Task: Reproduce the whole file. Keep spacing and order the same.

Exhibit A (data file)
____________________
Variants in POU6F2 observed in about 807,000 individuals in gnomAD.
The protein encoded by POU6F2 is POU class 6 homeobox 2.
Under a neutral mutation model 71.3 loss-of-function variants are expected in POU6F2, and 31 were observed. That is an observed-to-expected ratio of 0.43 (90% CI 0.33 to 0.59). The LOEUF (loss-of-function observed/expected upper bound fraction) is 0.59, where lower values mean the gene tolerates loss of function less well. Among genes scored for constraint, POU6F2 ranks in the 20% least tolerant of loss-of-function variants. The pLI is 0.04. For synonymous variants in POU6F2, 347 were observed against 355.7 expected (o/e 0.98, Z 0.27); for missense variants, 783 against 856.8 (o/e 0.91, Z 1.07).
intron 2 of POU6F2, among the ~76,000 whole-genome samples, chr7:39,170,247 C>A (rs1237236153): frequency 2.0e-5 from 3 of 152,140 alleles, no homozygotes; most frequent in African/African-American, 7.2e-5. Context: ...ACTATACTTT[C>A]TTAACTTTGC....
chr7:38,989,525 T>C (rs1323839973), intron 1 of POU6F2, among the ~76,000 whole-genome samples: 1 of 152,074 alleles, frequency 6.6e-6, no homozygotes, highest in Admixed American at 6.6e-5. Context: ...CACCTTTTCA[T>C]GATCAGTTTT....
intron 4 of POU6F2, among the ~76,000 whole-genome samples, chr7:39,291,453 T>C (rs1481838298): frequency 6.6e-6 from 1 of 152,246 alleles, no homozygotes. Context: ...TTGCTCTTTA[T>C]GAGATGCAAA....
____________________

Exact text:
Variants in POU6F2 observed in about 807,000 individuals in gnomAD.
The protein encoded by POU6F2 is POU class 6 homeobox 2.
Under a neutral mutation model 71.3 loss-of-function variants are expected in POU6F2, and 31 were observed. That is an observed-to-expected ratio of 0.43 (90% CI 0.33 to 0.59). The LOEUF (loss-of-function observed/expected upper bound fraction) is 0.59, where lower values mean the gene tolerates loss of function less well. Among genes scored for constraint, POU6F2 ranks in the 20% least tolerant of loss-of-function variants. The pLI is 0.04. For synonymous variants in POU6F2, 347 were observed against 355.7 expected (o/e 0.98, Z 0.27); for missense variants, 783 against 856.8 (o/e 0.91, Z 1.07).
intron 2 of POU6F2, among the ~76,000 whole-genome samples, chr7:39,170,247 C>A (rs1237236153): frequency 2.0e-5 from 3 of 152,140 alleles, no homozygotes; most frequent in African/African-American, 7.2e-5. Context: ...ACTATACTTT[C>A]TTAACTTTGC....
chr7:38,989,525 T>C (rs1323839973), intron 1 of POU6F2, among the ~76,000 whole-genome samples: 1 of 152,074 alleles, frequency 6.6e-6, no homozygotes, highest in Admixed American at 6.6e-5. Context: ...CACCTTTTCA[T>C]GATCAGTTTT....
intron 4 of POU6F2, among the ~76,000 whole-genome samples, chr7:39,291,453 T>C (rs1481838298): frequency 6.6e-6 from 1 of 152,246 alleles, no homozygotes. Context: ...TTGCTCTTTA[T>C]GAGATGCAAA....